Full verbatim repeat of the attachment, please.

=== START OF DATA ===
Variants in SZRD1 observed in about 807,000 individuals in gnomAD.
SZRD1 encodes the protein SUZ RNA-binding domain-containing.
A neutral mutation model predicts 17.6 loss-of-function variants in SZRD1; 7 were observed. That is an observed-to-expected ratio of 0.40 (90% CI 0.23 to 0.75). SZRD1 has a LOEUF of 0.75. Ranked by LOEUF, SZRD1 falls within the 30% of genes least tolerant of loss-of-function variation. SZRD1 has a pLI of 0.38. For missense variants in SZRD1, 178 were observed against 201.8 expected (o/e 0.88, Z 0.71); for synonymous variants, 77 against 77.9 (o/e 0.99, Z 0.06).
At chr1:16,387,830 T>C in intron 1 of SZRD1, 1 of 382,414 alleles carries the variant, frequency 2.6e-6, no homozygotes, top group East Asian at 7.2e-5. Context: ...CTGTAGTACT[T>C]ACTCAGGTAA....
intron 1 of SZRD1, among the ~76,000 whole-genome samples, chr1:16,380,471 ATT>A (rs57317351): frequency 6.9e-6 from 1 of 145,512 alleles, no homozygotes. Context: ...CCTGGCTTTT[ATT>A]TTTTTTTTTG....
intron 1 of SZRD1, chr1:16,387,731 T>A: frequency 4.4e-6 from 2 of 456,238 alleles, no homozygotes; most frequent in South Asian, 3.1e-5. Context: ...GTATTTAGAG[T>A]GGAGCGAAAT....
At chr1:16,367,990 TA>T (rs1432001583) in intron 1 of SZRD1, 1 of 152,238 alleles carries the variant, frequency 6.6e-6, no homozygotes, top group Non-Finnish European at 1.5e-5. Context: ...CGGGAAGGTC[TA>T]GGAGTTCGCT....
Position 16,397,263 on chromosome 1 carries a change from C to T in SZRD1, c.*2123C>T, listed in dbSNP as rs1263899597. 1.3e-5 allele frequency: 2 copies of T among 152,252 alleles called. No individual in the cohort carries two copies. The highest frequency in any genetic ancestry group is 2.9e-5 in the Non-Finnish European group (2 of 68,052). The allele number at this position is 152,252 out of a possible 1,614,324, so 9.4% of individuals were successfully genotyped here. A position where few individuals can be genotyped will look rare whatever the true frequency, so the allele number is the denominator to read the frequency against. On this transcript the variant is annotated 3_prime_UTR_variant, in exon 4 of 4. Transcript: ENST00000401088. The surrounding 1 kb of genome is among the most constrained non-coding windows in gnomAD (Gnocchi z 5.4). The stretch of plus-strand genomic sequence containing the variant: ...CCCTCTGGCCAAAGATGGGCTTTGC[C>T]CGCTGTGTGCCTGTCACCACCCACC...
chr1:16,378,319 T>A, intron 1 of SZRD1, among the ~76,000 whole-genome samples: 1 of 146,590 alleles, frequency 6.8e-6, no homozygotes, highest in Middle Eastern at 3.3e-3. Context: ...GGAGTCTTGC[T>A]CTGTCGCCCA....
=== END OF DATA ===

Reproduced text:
Variants in SZRD1 observed in about 807,000 individuals in gnomAD.
SZRD1 encodes the protein SUZ RNA-binding domain-containing.
A neutral mutation model predicts 17.6 loss-of-function variants in SZRD1; 7 were observed. That is an observed-to-expected ratio of 0.40 (90% CI 0.23 to 0.75). SZRD1 has a LOEUF of 0.75. Ranked by LOEUF, SZRD1 falls within the 30% of genes least tolerant of loss-of-function variation. SZRD1 has a pLI of 0.38. For missense variants in SZRD1, 178 were observed against 201.8 expected (o/e 0.88, Z 0.71); for synonymous variants, 77 against 77.9 (o/e 0.99, Z 0.06).
At chr1:16,387,830 T>C in intron 1 of SZRD1, 1 of 382,414 alleles carries the variant, frequency 2.6e-6, no homozygotes, top group East Asian at 7.2e-5. Context: ...CTGTAGTACT[T>C]ACTCAGGTAA....
intron 1 of SZRD1, among the ~76,000 whole-genome samples, chr1:16,380,471 ATT>A (rs57317351): frequency 6.9e-6 from 1 of 145,512 alleles, no homozygotes. Context: ...CCTGGCTTTT[ATT>A]TTTTTTTTTG....
intron 1 of SZRD1, chr1:16,387,731 T>A: frequency 4.4e-6 from 2 of 456,238 alleles, no homozygotes; most frequent in South Asian, 3.1e-5. Context: ...GTATTTAGAG[T>A]GGAGCGAAAT....
At chr1:16,367,990 TA>T (rs1432001583) in intron 1 of SZRD1, 1 of 152,238 alleles carries the variant, frequency 6.6e-6, no homozygotes, top group Non-Finnish European at 1.5e-5. Context: ...CGGGAAGGTC[TA>T]GGAGTTCGCT....
Position 16,397,263 on chromosome 1 carries a change from C to T in SZRD1, c.*2123C>T, listed in dbSNP as rs1263899597. 1.3e-5 allele frequency: 2 copies of T among 152,252 alleles called. No individual in the cohort carries two copies. The highest frequency in any genetic ancestry group is 2.9e-5 in the Non-Finnish European group (2 of 68,052). The allele number at this position is 152,252 out of a possible 1,614,324, so 9.4% of individuals were successfully genotyped here. A position where few individuals can be genotyped will look rare whatever the true frequency, so the allele number is the denominator to read the frequency against. On this transcript the variant is annotated 3_prime_UTR_variant, in exon 4 of 4. Transcript: ENST00000401088. The surrounding 1 kb of genome is among the most constrained non-coding windows in gnomAD (Gnocchi z 5.4). The stretch of plus-strand genomic sequence containing the variant: ...CCCTCTGGCCAAAGATGGGCTTTGC[C>T]CGCTGTGTGCCTGTCACCACCCACC...
chr1:16,378,319 T>A, intron 1 of SZRD1, among the ~76,000 whole-genome samples: 1 of 146,590 alleles, frequency 6.8e-6, no homozygotes, highest in Middle Eastern at 3.3e-3. Context: ...GGAGTCTTGC[T>A]CTGTCGCCCA....